Charles and David Koch, whose combination of right-wing extremism and endless income makes them two of America’s Most Notorious Thugs, are the subjects of a new retrospective that highlights how their construction and pipelines before Katrina, and their aggressive lobbying after it, helped worsen the damage to the Gulf Coast region, both environmentally and socially.
“Ten Years Later: A Look Back on the Koch Brothers & Hurricane Katrina,” published by the Bridge Project, enumerates the ways Koch’s business and moral interests interfered with the recovery from Katrina as well as making the Gulf Coast vulnerable in the first place. The report begins by asserting:
The simple truth is that Koch Industries operates with a philosophy of putting its business interest ahead of local interests, and this report examines how that philosophy unfolded for the people hurt by Hurricane Katrina. In 2005, Koch Industries was accused of decades of negligence resulting in destroyed wetlands from pipeline dredging, which allegedly compounded the effects of Hurricane Katrina on Baton Rouge, Louisiana. Before the hurricane made landfall, the Kochs saw opportunity to profit from a vulnerable population in need of scarce resources, calling it “the right market to restart operations” at their newly-acquired Georgia-Pacific facilities in the region. After the hurricane, Koch Industries immediately went to work taking advantage of the situation, participating in a subsidized federal bond program, and it was even investigated for price gouging during a time of crisis; though the FTC found in their favor, Congress was highly critical of the FTC’s investigation.
The timing of the report coincides not just with the 10th anniversary of Hurricane Katrina, but also to counter the PR events the Kochs are sponsoring in order to “put forward a softer side,” as the Bridge puts it. These include sponsoring a Katrina-related National Press Club lunch and the Louisiana State Society’s “Volunteer Opportunity: Katrina +10.”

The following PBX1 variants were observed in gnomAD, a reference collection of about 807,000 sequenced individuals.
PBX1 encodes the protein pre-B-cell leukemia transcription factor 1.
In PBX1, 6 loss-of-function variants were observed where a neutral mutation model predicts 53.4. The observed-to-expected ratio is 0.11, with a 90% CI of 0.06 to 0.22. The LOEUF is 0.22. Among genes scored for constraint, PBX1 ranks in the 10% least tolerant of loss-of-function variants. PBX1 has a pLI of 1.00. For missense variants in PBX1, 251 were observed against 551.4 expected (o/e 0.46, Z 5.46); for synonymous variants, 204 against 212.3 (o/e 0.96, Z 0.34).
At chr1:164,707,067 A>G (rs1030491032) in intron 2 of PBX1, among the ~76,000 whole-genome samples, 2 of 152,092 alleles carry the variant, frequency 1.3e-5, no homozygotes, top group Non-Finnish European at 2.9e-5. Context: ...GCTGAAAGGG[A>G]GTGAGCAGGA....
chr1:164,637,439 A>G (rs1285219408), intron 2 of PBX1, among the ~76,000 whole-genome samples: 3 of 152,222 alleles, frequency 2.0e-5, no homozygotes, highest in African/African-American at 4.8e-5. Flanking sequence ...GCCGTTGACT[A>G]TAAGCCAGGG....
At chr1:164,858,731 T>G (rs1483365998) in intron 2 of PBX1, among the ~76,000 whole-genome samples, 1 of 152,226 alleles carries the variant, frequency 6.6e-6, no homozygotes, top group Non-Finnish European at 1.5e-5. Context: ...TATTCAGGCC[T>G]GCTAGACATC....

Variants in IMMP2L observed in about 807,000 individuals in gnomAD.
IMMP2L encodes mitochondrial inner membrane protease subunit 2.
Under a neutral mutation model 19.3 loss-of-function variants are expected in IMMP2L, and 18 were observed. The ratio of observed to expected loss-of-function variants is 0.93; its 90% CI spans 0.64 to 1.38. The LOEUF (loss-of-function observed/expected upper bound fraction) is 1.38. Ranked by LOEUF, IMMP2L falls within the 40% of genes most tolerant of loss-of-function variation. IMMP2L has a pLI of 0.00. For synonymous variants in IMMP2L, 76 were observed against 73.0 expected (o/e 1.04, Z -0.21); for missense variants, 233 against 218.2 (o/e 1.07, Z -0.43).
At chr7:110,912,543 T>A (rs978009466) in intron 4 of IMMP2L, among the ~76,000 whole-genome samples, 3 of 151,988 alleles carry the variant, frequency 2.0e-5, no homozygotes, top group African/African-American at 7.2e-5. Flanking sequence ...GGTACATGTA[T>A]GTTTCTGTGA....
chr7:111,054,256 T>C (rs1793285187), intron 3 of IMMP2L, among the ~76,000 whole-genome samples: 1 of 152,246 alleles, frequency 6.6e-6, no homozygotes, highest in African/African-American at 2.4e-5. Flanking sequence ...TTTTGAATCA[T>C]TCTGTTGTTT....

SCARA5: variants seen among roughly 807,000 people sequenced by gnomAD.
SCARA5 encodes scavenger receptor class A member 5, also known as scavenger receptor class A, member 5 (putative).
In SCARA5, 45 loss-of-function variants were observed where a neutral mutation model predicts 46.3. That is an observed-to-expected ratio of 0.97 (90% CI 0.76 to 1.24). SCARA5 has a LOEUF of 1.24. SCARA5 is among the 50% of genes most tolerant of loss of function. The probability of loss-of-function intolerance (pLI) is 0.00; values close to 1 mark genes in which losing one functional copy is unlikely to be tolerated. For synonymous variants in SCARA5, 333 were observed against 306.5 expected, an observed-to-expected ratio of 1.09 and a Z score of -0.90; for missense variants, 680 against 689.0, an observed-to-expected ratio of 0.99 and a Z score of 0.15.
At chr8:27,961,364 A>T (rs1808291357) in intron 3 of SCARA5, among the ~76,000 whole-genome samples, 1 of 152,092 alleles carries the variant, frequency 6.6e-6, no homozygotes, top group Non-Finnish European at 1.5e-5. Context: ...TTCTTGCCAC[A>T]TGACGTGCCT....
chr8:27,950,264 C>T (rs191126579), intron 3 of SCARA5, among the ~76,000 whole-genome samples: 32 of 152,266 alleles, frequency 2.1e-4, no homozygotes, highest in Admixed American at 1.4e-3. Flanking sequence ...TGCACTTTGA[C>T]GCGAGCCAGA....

But it also evokes the class-action suit brought against the Kochs that asserted Koch pipelines around Baton Rouge decimated wetlands around the city, eroding the natural protection against hurricanes and other storms. (The suit was dismissed on technicalities of causation, but the judge on the case admitted coastal erosion was a “serious problem” and asserted that “a more focused, less ambitious lawsuit” could potentially have a win.
The report details a probe into the price gouging of gasoline by a Koch-owned oil company. (No evidence was found by the FTC, but a coalition of Senators led by Pennsylvania Republican Arlen Spector disagreed with the decision.) It also discusses the ways other Koch holdings profited off Katrina bond programs and used them to restart flagging operations and lobbied against legislation that would ease piquing insurance costs on average homeowners.
Just another fun little report from the frontlines of the Koch Boys, America’s Most Notorious Thugs!
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